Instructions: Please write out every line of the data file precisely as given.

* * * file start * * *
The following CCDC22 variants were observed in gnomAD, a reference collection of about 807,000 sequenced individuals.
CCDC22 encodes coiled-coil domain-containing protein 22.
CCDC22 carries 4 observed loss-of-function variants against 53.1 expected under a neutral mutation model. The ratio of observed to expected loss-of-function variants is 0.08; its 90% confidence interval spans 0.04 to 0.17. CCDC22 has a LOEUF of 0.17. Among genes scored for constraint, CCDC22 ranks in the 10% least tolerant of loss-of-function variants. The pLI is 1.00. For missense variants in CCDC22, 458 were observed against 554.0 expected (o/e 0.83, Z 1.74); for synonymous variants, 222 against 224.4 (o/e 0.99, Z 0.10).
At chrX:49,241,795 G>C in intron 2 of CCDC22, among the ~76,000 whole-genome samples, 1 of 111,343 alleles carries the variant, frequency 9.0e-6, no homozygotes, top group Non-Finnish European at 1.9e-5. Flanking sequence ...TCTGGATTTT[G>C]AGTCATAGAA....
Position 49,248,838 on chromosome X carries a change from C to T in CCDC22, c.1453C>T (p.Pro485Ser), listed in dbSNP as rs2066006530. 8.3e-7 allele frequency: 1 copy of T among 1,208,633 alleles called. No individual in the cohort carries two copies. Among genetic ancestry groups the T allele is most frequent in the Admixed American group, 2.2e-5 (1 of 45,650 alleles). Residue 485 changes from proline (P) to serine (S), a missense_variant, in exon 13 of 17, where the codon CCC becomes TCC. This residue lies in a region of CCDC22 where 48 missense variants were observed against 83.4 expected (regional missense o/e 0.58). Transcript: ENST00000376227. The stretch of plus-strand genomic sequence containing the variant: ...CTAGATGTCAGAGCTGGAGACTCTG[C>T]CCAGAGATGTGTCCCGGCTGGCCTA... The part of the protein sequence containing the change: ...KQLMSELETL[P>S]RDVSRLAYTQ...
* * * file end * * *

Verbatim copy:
The following CCDC22 variants were observed in gnomAD, a reference collection of about 807,000 sequenced individuals.
CCDC22 encodes coiled-coil domain-containing protein 22.
CCDC22 carries 4 observed loss-of-function variants against 53.1 expected under a neutral mutation model. The ratio of observed to expected loss-of-function variants is 0.08; its 90% confidence interval spans 0.04 to 0.17. CCDC22 has a LOEUF of 0.17. Among genes scored for constraint, CCDC22 ranks in the 10% least tolerant of loss-of-function variants. The pLI is 1.00. For missense variants in CCDC22, 458 were observed against 554.0 expected (o/e 0.83, Z 1.74); for synonymous variants, 222 against 224.4 (o/e 0.99, Z 0.10).
At chrX:49,241,795 G>C in intron 2 of CCDC22, among the ~76,000 whole-genome samples, 1 of 111,343 alleles carries the variant, frequency 9.0e-6, no homozygotes, top group Non-Finnish European at 1.9e-5. Flanking sequence ...TCTGGATTTT[G>C]AGTCATAGAA....
Position 49,248,838 on chromosome X carries a change from C to T in CCDC22, c.1453C>T (p.Pro485Ser), listed in dbSNP as rs2066006530. 8.3e-7 allele frequency: 1 copy of T among 1,208,633 alleles called. No individual in the cohort carries two copies. Among genetic ancestry groups the T allele is most frequent in the Admixed American group, 2.2e-5 (1 of 45,650 alleles). Residue 485 changes from proline (P) to serine (S), a missense_variant, in exon 13 of 17, where the codon CCC becomes TCC. This residue lies in a region of CCDC22 where 48 missense variants were observed against 83.4 expected (regional missense o/e 0.58). Transcript: ENST00000376227. The stretch of plus-strand genomic sequence containing the variant: ...CTAGATGTCAGAGCTGGAGACTCTG[C>T]CCAGAGATGTGTCCCGGCTGGCCTA... The part of the protein sequence containing the change: ...KQLMSELETL[P>S]RDVSRLAYTQ...